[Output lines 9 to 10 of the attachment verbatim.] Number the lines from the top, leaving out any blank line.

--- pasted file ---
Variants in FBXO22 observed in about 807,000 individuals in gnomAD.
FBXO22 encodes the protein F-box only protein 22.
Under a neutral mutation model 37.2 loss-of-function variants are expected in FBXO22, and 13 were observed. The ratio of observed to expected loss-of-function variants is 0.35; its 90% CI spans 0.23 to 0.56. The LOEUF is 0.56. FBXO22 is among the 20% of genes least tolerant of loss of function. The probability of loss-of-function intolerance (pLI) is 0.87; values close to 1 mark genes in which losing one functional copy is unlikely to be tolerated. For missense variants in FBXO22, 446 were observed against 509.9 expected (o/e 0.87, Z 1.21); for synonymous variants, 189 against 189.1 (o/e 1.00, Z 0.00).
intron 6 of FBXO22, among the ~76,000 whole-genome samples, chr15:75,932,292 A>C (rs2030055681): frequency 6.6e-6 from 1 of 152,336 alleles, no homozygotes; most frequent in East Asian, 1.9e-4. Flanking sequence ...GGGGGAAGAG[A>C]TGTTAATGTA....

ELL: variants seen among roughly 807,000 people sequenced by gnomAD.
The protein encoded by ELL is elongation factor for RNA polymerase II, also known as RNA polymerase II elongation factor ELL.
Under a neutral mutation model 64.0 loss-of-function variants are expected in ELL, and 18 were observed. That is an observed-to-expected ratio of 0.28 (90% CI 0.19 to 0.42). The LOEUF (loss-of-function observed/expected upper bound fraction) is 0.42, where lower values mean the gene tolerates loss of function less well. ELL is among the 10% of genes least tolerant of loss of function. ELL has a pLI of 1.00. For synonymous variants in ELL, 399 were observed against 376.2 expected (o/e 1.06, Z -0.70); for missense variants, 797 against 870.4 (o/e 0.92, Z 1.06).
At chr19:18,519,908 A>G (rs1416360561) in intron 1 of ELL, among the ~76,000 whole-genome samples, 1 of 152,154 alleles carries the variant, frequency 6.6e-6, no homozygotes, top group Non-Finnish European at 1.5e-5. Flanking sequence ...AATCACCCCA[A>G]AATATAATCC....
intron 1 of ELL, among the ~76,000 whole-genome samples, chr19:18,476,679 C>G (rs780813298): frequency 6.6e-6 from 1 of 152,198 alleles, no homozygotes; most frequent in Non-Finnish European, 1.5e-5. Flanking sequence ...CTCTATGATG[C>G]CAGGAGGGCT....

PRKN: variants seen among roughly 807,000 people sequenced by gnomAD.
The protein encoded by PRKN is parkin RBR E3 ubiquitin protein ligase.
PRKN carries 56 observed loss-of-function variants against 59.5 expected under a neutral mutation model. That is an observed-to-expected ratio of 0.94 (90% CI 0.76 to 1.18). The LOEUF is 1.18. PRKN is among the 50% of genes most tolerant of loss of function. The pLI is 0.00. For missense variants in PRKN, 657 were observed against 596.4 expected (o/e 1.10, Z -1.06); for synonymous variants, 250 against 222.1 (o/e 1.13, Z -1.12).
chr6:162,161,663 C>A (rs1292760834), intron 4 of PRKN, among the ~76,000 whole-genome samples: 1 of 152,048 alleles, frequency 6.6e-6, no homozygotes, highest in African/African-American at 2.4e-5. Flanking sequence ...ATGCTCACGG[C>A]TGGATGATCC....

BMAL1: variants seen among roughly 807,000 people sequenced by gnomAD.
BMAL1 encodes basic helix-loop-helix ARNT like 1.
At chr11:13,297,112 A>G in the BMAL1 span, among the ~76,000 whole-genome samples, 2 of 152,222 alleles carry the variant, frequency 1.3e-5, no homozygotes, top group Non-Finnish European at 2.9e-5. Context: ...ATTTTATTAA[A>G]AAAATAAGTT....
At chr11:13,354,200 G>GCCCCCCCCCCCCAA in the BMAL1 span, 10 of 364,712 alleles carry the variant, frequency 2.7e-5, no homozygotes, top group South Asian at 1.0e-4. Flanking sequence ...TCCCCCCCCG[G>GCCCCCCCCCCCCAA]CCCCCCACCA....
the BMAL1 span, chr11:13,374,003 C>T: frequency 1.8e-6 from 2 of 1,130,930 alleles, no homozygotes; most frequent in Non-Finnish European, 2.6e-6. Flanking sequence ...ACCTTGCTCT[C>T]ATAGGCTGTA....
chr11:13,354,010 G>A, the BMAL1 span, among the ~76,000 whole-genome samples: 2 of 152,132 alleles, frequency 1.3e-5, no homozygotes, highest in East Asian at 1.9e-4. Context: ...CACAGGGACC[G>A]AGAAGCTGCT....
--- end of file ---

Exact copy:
intron 1 of ELL, among the ~76,000 whole-genome samples, chr19:18,476,679 C>G (rs780813298): frequency 6.6e-6 from 1 of 152,198 alleles, no homozygotes; most frequent in Non-Finnish European, 1.5e-5. Flanking sequence ...CTCTATGATG[C>G]CAGGAGGGCT....

PRKN: variants seen among roughly 807,000 people sequenced by gnomAD.